Small businesses turn to virtual solutions for handling human resources, data analytics and call-center customers.
By Brittany Shoot
Running a company entails handling many different responsibilities concurrently. But a small-business owner can’t be all things to all people. More importantly, you shouldn’t be. In recent years, there’s been a trend toward outsourcing tasks and even entire departments that don’t require hiring an in-house expert or team to oversee the job.
Ryan Hulland, the director of business development and co-owner of Netfloor USA, a manufacturer in Charlotte, N.C., says there’s a reason that other companies specialize in the services you may want to outsource.
“Small businesses have enough pressures on them as it is,” he says. “Hopefully, your small business already specializes in something that is your core competency. By outsourcing other functions of running the business, you can stay committed to delivering outstanding products and services.”
Here are three areas where small-business owners can save time and money by outsourcing:
- Outsourcing human resources
It’s now cost-effective to hire a virtual payroll and HR team rather than growing your own staff.
“You’d never catch me doing payroll or routine HR tasks, simply because I could spend my time in a more productive manner, in an area in which I specialize,” Hulland says. “When it comes to payroll, we use a third-party company to handle it all.”
But, he adds, “When it comes to things like paid time off, flex time, maternity or paternity leave, savings plans, health plans, and the overall welfare and happiness of your employees, there shouldn’t be anyone out there who cares more than you do.”
He suggests determining which parts of your human-resources tasks you should outsource based on how many employees you have and how closely you work together.
And while this might seem obvious, understand exactly what the company you choose offers in terms of privacy policies.
For example, if you hire an external HR firm to handle health-related benefits, make sure they comply with HIPPA standards and have a proven track record. As of 2013, thanks to the HIPPA Omnibus Rule, third-party administrators can be held liable for civil or criminal penalties if they fail to properly comply with HIPPA guidelines. This updated guideline helps protects small-business owners who rely on external companies to handle their sensitive data.
- Outsourcing data labeling and analytics
Companies that handle large data sets don’t need to rely on experts they’ve hired on staff to do menial tasks such as sorting and labeling when companies exist that specialize in just that role.
For example, a salaried data scientist shouldn’t be dealing with mountains of unfiltered data when someone much more junior can handle that task, leaving the critical analysis to a highly trained specialist.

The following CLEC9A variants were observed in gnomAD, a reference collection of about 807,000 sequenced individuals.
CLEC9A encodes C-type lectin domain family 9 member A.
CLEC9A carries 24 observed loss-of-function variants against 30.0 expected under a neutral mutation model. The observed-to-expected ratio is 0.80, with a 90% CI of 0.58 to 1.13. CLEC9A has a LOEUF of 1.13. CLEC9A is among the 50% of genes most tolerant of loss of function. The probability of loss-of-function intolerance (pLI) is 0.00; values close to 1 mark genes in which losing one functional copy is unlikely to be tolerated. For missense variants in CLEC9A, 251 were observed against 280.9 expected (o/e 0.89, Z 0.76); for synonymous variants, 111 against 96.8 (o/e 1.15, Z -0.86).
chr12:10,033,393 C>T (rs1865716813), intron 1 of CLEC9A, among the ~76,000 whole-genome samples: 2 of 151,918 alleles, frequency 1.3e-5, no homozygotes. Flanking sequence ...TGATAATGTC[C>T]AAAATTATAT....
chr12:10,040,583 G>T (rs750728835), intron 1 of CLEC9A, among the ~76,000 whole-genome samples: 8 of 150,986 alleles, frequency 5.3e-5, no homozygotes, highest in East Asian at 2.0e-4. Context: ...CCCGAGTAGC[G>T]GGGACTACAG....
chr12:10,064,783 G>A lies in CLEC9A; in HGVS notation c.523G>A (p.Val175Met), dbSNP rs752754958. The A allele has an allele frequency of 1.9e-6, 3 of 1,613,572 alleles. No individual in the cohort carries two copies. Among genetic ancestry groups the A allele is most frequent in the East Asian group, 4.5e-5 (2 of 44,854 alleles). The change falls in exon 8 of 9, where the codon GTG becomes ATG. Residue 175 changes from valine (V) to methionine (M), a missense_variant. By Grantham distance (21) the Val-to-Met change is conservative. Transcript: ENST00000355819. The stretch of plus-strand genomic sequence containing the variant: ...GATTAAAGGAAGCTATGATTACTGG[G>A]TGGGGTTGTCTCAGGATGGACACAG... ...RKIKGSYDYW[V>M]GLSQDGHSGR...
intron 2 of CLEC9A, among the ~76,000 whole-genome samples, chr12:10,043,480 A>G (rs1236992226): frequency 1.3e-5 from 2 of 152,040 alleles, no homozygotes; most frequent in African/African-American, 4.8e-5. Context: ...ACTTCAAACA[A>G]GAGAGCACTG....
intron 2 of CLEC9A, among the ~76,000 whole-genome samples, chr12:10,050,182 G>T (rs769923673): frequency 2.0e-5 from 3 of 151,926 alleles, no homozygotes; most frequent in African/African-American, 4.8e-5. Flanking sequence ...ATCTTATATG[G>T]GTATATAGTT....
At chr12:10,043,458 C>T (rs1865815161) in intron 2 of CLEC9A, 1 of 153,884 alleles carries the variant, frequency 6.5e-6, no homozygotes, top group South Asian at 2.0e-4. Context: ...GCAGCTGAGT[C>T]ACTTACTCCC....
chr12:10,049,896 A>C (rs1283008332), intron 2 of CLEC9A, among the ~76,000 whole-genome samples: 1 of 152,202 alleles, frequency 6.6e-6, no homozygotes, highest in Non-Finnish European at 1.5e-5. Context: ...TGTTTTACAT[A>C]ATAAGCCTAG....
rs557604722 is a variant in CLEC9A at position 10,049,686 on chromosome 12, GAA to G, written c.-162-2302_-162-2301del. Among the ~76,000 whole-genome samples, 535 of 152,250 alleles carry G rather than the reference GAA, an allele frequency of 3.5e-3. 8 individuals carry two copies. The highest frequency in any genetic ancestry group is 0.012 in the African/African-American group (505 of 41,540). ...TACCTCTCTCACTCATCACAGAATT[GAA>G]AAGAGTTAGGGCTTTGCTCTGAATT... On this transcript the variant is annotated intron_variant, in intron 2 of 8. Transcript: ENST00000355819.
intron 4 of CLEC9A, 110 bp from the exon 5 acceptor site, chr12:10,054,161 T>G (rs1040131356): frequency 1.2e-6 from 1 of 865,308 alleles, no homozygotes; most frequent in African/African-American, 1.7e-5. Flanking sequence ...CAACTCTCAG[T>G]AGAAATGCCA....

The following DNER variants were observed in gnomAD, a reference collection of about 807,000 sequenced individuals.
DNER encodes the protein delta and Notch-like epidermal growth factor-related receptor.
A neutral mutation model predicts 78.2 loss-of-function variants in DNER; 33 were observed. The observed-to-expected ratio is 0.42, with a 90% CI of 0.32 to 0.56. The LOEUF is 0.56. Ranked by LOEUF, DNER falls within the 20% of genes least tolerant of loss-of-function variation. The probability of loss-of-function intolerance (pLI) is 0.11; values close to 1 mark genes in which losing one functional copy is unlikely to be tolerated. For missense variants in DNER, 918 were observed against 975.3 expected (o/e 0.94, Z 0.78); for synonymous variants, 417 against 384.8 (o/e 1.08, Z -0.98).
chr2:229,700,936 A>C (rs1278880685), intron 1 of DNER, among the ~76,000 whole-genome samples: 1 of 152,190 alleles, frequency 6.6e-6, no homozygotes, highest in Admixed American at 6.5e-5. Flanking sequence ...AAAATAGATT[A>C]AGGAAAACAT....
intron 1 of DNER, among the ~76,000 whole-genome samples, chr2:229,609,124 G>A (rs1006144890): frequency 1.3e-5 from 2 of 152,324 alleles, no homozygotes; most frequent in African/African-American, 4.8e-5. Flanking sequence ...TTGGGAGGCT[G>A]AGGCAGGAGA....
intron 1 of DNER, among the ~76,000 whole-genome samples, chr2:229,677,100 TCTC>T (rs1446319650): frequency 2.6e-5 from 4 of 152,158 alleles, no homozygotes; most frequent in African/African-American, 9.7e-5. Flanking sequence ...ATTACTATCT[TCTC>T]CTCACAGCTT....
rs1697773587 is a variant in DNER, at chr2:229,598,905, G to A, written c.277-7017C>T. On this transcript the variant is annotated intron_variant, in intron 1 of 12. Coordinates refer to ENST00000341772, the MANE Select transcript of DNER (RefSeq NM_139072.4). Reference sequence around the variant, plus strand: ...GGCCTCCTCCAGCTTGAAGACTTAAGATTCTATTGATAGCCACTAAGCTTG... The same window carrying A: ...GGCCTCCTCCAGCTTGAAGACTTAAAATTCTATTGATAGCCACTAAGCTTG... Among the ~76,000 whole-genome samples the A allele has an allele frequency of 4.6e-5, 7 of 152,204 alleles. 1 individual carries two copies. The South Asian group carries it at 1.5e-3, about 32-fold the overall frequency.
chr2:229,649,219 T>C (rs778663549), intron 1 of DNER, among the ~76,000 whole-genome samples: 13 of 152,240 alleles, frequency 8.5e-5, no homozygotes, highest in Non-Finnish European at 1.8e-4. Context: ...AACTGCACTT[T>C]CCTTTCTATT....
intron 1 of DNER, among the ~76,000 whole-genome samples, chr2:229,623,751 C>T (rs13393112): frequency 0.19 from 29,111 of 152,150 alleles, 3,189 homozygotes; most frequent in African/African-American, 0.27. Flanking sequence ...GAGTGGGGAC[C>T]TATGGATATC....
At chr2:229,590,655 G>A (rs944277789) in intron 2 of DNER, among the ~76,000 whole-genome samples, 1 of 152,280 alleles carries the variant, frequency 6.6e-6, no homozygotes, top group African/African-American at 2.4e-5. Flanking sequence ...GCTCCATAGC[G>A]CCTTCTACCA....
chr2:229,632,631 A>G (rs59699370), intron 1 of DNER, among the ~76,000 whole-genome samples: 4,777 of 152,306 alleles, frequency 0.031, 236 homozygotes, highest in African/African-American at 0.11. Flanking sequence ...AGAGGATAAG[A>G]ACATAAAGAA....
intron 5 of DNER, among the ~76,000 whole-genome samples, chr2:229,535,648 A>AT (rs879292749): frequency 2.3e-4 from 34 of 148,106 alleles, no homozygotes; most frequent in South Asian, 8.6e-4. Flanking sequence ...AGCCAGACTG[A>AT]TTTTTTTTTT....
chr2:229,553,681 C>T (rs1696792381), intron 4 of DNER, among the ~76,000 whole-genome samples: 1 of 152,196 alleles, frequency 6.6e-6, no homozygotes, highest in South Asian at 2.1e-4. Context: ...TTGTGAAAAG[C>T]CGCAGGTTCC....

Much like outsourcing HR, you’ll need to consider whether you’ll be turning over sensitive data to a data company, and what policies they have in place to protect you, your employees, and your clients. For instance, you’ll want a company that adheres to basic security practices, such as keeping sensitive data behind the corporate firewall and running regular database backups.
- A call-center solution
You no longer need to invest in a phone system and workstation for employees handling call volume. With browser-based call centers, contractors can work from anywhere and send you valuable data, such as call recordings and metrics, to streamline how you analyze customer interactions.
You’ll want to be sure the solution you choose integrates with your business tools. You may also have the opportunity to use a solution that allows you to listen in on calls, so you understand how virtual-call-center employees are handling your business.
John Walko, the sales manager at Charlotte, N.C.-based web design consultancy Web Design 59, says his business would be crippled without a low-cost call-center solution to offer basic tech support and sales and to address customer questions.
“We are a small business of four full-time employees and as our business was growing, we were spending most of our time answering calls,” he says. “We thought of hiring a person to be dedicated to the phone, but for the time [spent] training, the hourly rate, and the fact that calls were coming all hours day and night, it would not be practical.”
However, outsourcing customer-service tasks is not for everyone. Hulland says that’s one aspect of his business he would never outsource.
“I believe there is no one who understands our products more than we do, and no one cares about our customers more than we do,” he says. “In addition to designing and selling outstanding products and services, truly caring about our customers and solving their problems is our entire business. Handing customer service over to a call center would be like handing half of your business over to someone else.”
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